Vaccinations

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The Global Learning Hub cannot provide medical advice regarding the prescription of vaccinations and cannot be held responsible for unannounced health requirement changes.

Some countries/regions have specific vaccination/immunization requirements that need to be fulfilled before departure. There may also be vaccinations that are recommended rather than required, and sometimes this is based on the areas in the country you will be visiting.

It is the student's responsibility to be aware of vaccination requirements and the most up-to-date health information regarding the locations to which they plan to travel. The Global Learning Hub cannot provide specific medical advice regarding vaccinations and cannot be held responsible for unannounced health requirement changes.

Please consult the U.S. Centers for Disease Control (CDC) and the World Health Organization (WHO) for specific information and visit your private physician or your campus Student Health Center to get the necessary vaccinations.

Be sure to inform your health professional of any plans to travel to destinations outside of your program itinerary, so that all necessary immunizations can be received prior to departure. Also keep in mind that certain vaccinations have to be administered well before departure (for example, six months prior in the case of Hepatitis A and B).

All shots should be recorded on the yellow International Certificate of Vaccination card that is approved by the World Health Organization (WHO). The vaccination card is often available from your Student Health Center or County Health Department. Students should take the vaccination card abroad with them if they already have one. Even though the host government may not require inoculation records for entry purposes, the card may be useful while traveling outside the host country, particularly in Asia and Africa.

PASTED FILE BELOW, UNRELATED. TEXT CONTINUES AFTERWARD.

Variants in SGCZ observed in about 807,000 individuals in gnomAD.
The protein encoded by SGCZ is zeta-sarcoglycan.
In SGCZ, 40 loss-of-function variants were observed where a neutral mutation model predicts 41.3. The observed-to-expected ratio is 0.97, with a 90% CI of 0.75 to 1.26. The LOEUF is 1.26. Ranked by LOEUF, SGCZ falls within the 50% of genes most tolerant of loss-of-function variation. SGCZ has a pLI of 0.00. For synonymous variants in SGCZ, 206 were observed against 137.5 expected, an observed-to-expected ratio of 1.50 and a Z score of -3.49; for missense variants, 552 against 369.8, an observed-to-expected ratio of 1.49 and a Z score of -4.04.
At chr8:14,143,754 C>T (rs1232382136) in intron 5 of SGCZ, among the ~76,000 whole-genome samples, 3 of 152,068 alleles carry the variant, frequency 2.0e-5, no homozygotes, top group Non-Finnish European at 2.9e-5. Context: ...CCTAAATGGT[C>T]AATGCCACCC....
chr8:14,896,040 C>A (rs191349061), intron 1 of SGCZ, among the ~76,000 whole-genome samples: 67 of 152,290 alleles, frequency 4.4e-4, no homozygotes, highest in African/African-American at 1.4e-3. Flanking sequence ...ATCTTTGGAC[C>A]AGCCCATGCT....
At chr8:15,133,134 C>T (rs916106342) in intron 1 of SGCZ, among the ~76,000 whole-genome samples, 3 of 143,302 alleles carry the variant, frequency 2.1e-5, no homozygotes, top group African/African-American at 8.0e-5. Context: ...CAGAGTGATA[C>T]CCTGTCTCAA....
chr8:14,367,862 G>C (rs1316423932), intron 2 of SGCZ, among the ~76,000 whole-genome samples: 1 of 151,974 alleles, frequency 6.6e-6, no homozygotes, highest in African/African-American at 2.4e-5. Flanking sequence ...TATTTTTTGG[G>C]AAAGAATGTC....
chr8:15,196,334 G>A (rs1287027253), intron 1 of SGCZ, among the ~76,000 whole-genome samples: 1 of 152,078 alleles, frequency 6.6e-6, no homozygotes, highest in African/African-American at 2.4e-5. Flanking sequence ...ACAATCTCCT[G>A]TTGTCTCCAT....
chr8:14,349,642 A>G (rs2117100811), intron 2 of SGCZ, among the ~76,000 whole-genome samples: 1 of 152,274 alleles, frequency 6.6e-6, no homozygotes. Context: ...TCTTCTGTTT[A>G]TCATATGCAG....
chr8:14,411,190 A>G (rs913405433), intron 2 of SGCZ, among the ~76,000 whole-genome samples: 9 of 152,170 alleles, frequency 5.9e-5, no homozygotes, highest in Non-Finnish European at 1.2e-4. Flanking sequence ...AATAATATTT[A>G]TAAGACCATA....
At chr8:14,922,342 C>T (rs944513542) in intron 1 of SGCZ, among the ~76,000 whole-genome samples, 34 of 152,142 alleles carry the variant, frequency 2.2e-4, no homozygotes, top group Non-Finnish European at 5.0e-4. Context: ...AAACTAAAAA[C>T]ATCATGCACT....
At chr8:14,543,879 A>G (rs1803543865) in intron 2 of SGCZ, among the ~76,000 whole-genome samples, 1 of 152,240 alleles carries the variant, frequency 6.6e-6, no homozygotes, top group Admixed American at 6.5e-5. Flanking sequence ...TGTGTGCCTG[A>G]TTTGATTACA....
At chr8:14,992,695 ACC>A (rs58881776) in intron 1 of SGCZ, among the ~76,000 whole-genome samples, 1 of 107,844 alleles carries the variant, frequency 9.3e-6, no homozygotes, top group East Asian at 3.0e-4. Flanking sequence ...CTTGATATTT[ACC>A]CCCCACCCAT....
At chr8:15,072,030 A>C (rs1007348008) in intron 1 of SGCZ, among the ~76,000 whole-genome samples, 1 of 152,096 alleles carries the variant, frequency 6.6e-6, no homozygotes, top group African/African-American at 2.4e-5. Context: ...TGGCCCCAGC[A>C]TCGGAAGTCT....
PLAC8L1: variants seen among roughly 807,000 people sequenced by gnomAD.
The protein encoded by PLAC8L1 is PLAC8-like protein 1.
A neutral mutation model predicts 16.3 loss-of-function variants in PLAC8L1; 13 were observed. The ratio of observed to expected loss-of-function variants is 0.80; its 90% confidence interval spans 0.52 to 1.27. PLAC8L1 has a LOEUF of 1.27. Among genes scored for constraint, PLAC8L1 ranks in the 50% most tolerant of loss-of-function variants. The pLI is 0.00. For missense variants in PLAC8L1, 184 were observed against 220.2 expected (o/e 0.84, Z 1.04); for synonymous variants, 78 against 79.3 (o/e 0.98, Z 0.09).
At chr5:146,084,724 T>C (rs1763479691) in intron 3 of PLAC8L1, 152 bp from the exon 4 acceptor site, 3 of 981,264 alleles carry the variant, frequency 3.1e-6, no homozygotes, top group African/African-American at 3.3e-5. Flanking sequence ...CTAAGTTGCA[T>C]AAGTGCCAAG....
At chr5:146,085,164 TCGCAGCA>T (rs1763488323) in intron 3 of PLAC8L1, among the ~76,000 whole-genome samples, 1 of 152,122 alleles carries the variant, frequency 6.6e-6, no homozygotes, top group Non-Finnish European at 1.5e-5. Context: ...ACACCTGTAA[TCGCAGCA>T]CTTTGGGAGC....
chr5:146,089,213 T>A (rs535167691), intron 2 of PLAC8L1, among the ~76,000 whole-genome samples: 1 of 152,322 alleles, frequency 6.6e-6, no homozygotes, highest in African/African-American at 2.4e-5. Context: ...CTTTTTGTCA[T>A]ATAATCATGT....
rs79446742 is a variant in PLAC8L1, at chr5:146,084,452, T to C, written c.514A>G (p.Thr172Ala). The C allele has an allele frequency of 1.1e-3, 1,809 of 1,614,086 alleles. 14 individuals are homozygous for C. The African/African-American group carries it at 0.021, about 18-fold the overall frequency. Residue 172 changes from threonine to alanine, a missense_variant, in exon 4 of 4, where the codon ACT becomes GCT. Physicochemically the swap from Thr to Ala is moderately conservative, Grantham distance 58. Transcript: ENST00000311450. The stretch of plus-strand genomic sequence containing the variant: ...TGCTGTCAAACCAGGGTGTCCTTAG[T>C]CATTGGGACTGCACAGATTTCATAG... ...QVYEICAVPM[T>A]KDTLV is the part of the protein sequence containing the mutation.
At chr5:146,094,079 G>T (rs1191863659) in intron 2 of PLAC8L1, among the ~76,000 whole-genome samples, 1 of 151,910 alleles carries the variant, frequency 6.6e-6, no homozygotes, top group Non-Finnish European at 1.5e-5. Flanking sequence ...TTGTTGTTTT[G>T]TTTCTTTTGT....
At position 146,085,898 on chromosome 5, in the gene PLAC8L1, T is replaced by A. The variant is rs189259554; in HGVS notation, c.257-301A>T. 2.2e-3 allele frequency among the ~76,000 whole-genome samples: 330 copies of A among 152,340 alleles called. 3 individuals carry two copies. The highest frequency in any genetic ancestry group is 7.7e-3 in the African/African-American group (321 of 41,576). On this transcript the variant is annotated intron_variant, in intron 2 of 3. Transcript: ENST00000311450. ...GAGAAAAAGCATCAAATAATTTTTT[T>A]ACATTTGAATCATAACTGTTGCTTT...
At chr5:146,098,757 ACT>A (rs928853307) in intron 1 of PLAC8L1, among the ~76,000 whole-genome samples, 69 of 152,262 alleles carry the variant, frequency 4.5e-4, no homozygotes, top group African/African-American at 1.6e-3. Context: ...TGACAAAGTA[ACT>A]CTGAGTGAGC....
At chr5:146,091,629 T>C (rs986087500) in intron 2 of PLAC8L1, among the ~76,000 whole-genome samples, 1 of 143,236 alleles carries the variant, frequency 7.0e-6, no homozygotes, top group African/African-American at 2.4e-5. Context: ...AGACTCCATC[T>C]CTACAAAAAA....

Sidebar Image - Health & Accident InsuranceHealth and Accident Insurance

Health and accident insurance resources: GeoBlue Global Health Insurance, UC Traveler Insurance Coverage, Extended Overseas Travel Coverage, Gap Coverage for Domestic Insurance, and Trip Cancellation Coverage.

 

Sidebar Image - Health TipsHealth Tips

Staying healthy while abroad requires following many of the same good habits needed for staying healthy at home—with additional precautions depending on your location.

 

Sidebar Image - Sexual Health AbroadSexual Health Abroad

If you are sexually active while abroad, please be aware that laws, cultural norms and risks related to sexual activity may vary widely, and it is important, to consider the context of your individual situation and assume a greater degree of caution.

 

Sidebar Image - Health and Safety - DrugsAlcohol and Drugs

Alcohol abuse and intoxication are a leading cause of injury and disruption on study abroad programs. The abuse of alcohol is often tied to becoming a victim of a violent crime or accident.

 

Sidebar Image - Health and Safety - Safety TipsSafety Tips

Before you travel, research safety issues in the specific locations you will be visiting by consulting U.S. State Department reports on those locations, and register your trip with the State Department so that they can better assist you in the case of emergencies.

 

Sidebar Image - Health and Safety - Culture ShockCulture Shock

Living in a new culture can be exhilarating, rewarding, and stimulating. It can also be disorienting, frustrating and depressing. Such distress or “culture shock” is due to the twofold challenge of being in a new environment with unfamiliar customs, language, etc., and being away from home.

 

Sidebar Image - Health and Safety - RiskAdvisory of Student Risk

Travel to any part of the world, including within the United States, includes risk of natural disaster, terrorism, severe weather, criminal activity, disease, accident and injury.